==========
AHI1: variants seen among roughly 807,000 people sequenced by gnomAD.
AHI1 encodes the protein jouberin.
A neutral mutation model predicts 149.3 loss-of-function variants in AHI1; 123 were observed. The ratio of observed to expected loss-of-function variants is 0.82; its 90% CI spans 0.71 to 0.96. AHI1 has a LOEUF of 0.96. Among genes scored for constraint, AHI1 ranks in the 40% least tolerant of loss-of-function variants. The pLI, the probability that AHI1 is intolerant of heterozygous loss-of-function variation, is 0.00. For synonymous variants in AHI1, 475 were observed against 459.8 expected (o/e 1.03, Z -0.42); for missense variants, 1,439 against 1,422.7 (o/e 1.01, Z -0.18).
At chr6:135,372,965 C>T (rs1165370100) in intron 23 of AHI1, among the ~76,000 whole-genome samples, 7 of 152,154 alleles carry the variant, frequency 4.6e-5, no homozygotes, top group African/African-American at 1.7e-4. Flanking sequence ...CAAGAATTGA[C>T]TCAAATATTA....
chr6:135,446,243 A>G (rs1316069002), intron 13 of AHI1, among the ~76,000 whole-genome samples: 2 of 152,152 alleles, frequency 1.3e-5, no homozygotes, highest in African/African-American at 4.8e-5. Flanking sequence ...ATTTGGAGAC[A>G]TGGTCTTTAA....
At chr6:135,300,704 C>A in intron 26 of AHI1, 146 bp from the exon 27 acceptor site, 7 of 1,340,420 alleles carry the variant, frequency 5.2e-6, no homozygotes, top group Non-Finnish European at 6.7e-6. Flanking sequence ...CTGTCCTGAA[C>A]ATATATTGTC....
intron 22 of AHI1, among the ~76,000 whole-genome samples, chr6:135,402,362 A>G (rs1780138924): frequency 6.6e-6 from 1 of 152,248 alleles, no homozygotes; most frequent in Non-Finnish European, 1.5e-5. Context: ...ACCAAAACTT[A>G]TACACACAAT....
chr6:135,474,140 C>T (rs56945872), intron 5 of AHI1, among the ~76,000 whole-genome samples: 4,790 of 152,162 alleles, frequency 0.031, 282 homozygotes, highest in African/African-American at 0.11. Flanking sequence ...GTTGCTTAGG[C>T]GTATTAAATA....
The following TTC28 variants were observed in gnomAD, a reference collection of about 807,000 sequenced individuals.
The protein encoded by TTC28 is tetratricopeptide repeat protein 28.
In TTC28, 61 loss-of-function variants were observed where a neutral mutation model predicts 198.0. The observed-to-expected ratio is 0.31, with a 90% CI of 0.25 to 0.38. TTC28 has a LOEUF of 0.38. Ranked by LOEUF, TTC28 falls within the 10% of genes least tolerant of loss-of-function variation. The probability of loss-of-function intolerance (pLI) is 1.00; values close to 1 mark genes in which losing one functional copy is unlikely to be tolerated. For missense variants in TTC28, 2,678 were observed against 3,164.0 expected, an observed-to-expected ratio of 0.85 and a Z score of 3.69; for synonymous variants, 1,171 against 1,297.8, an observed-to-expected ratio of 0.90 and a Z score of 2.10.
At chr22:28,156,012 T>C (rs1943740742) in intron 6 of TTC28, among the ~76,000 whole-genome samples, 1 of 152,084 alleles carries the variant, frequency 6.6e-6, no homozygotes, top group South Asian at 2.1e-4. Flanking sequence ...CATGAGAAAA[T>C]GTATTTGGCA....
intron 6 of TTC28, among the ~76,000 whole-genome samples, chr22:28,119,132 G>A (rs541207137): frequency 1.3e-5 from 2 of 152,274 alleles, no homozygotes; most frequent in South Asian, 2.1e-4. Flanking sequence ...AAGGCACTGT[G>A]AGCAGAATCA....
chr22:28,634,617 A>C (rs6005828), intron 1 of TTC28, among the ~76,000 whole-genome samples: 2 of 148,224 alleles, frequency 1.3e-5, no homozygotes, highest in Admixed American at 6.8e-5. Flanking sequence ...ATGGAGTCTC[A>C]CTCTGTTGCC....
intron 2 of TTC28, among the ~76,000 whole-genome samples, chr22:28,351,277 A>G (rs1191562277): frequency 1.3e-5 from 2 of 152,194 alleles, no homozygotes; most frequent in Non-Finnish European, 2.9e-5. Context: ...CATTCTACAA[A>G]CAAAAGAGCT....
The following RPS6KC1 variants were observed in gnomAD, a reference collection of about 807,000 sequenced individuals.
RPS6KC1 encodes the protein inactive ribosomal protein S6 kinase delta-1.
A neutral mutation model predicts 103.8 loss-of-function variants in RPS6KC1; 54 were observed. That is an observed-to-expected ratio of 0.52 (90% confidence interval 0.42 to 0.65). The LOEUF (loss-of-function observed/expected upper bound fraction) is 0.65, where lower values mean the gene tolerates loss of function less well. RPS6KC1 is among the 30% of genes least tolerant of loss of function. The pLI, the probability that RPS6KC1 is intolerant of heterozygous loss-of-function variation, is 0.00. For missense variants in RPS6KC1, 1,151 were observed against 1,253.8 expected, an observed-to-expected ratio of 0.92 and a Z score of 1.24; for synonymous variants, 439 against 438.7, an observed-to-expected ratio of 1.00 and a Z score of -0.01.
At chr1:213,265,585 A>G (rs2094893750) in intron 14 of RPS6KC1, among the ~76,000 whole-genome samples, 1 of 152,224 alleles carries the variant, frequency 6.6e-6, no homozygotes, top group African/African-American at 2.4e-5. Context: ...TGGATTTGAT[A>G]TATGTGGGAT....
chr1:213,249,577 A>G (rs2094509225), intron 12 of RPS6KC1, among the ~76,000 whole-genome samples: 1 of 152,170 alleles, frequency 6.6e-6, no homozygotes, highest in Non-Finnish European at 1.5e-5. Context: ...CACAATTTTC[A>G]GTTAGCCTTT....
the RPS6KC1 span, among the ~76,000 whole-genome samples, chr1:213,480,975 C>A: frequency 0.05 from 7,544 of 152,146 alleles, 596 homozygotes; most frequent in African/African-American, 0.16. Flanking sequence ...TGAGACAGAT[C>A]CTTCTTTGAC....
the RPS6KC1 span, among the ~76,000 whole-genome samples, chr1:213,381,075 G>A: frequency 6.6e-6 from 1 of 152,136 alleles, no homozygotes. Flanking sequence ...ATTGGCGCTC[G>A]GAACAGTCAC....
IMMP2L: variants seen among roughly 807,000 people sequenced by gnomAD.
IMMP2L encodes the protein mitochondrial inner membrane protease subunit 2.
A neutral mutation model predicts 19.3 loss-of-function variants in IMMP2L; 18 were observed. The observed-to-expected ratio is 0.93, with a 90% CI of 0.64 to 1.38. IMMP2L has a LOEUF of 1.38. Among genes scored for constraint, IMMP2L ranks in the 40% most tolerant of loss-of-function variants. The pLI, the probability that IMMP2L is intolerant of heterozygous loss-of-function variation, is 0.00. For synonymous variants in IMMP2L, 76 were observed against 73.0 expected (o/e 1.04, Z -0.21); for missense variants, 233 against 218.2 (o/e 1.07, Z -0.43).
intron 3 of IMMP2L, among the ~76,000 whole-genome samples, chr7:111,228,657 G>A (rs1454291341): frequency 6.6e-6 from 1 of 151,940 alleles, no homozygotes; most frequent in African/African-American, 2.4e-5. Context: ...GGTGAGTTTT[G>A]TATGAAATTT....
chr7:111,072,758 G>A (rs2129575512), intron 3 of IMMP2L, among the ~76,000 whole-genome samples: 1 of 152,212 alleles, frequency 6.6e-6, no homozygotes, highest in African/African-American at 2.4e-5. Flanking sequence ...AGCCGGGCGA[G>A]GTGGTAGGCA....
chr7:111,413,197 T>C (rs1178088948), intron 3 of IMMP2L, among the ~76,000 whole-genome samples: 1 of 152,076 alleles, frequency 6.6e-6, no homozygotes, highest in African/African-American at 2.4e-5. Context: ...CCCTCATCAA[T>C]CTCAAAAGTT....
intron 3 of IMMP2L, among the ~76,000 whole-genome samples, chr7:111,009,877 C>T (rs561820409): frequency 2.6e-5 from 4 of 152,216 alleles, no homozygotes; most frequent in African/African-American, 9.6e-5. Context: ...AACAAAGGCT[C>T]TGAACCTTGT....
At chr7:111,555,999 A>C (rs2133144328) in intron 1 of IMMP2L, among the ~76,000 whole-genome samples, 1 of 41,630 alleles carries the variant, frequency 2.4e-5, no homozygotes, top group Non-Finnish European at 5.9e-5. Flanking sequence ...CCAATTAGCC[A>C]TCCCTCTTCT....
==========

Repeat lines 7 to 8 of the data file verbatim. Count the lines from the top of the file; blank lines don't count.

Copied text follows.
intron 22 of AHI1, among the ~76,000 whole-genome samples, chr6:135,402,362 A>G (rs1780138924): frequency 6.6e-6 from 1 of 152,248 alleles, no homozygotes; most frequent in Non-Finnish European, 1.5e-5. Context: ...ACCAAAACTT[A>G]TACACACAAT....
chr6:135,474,140 C>T (rs56945872), intron 5 of AHI1, among the ~76,000 whole-genome samples: 4,790 of 152,162 alleles, frequency 0.031, 282 homozygotes, highest in African/African-American at 0.11. Flanking sequence ...GTTGCTTAGG[C>T]GTATTAAATA....